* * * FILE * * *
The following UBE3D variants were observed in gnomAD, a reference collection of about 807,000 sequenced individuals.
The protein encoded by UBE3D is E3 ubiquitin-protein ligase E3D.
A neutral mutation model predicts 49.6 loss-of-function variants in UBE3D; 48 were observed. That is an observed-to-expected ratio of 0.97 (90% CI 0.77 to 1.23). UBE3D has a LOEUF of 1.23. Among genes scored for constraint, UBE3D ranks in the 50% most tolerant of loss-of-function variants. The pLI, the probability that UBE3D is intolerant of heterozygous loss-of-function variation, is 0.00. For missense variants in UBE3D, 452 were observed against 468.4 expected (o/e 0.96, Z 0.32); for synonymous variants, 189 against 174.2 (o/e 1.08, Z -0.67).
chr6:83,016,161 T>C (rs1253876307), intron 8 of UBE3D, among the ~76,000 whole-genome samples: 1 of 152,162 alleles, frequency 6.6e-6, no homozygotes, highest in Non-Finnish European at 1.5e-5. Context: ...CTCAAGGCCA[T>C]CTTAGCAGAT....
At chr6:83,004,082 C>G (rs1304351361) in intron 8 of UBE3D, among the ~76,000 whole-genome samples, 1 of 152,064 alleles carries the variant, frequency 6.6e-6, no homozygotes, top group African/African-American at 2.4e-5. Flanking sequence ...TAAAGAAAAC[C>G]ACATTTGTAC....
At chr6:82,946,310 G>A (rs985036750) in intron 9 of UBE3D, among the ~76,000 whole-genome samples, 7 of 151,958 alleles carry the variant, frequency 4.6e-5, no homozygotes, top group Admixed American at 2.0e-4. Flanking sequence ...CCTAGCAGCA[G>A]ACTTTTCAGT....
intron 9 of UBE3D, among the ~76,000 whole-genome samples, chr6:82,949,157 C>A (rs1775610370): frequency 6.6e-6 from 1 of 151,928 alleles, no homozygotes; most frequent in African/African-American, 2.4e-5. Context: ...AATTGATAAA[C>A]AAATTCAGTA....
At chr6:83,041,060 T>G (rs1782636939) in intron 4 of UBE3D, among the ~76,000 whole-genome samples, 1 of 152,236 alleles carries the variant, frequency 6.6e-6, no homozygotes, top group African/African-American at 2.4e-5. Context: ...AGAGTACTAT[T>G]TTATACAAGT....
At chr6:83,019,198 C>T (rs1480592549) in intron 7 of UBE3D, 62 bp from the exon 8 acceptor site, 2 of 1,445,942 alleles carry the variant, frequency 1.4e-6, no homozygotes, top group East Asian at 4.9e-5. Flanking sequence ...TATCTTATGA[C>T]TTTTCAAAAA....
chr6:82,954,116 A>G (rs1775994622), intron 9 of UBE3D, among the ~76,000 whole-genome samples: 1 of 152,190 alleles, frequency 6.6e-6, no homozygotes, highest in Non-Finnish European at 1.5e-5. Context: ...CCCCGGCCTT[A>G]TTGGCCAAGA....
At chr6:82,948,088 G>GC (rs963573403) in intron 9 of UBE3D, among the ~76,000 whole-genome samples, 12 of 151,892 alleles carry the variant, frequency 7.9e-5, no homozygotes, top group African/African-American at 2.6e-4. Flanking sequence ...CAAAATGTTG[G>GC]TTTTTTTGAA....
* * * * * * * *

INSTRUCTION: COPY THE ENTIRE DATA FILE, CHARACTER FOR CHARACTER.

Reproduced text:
The following UBE3D variants were observed in gnomAD, a reference collection of about 807,000 sequenced individuals.
The protein encoded by UBE3D is E3 ubiquitin-protein ligase E3D.
A neutral mutation model predicts 49.6 loss-of-function variants in UBE3D; 48 were observed. That is an observed-to-expected ratio of 0.97 (90% CI 0.77 to 1.23). UBE3D has a LOEUF of 1.23. Among genes scored for constraint, UBE3D ranks in the 50% most tolerant of loss-of-function variants. The pLI, the probability that UBE3D is intolerant of heterozygous loss-of-function variation, is 0.00. For missense variants in UBE3D, 452 were observed against 468.4 expected (o/e 0.96, Z 0.32); for synonymous variants, 189 against 174.2 (o/e 1.08, Z -0.67).
chr6:83,016,161 T>C (rs1253876307), intron 8 of UBE3D, among the ~76,000 whole-genome samples: 1 of 152,162 alleles, frequency 6.6e-6, no homozygotes, highest in Non-Finnish European at 1.5e-5. Context: ...CTCAAGGCCA[T>C]CTTAGCAGAT....
At chr6:83,004,082 C>G (rs1304351361) in intron 8 of UBE3D, among the ~76,000 whole-genome samples, 1 of 152,064 alleles carries the variant, frequency 6.6e-6, no homozygotes, top group African/African-American at 2.4e-5. Flanking sequence ...TAAAGAAAAC[C>G]ACATTTGTAC....
At chr6:82,946,310 G>A (rs985036750) in intron 9 of UBE3D, among the ~76,000 whole-genome samples, 7 of 151,958 alleles carry the variant, frequency 4.6e-5, no homozygotes, top group Admixed American at 2.0e-4. Flanking sequence ...CCTAGCAGCA[G>A]ACTTTTCAGT....
intron 9 of UBE3D, among the ~76,000 whole-genome samples, chr6:82,949,157 C>A (rs1775610370): frequency 6.6e-6 from 1 of 151,928 alleles, no homozygotes; most frequent in African/African-American, 2.4e-5. Context: ...AATTGATAAA[C>A]AAATTCAGTA....
At chr6:83,041,060 T>G (rs1782636939) in intron 4 of UBE3D, among the ~76,000 whole-genome samples, 1 of 152,236 alleles carries the variant, frequency 6.6e-6, no homozygotes, top group African/African-American at 2.4e-5. Context: ...AGAGTACTAT[T>G]TTATACAAGT....
At chr6:83,019,198 C>T (rs1480592549) in intron 7 of UBE3D, 62 bp from the exon 8 acceptor site, 2 of 1,445,942 alleles carry the variant, frequency 1.4e-6, no homozygotes, top group East Asian at 4.9e-5. Flanking sequence ...TATCTTATGA[C>T]TTTTCAAAAA....
chr6:82,954,116 A>G (rs1775994622), intron 9 of UBE3D, among the ~76,000 whole-genome samples: 1 of 152,190 alleles, frequency 6.6e-6, no homozygotes, highest in Non-Finnish European at 1.5e-5. Context: ...CCCCGGCCTT[A>G]TTGGCCAAGA....
At chr6:82,948,088 G>GC (rs963573403) in intron 9 of UBE3D, among the ~76,000 whole-genome samples, 12 of 151,892 alleles carry the variant, frequency 7.9e-5, no homozygotes, top group African/African-American at 2.6e-4. Flanking sequence ...CAAAATGTTG[G>GC]TTTTTTTGAA....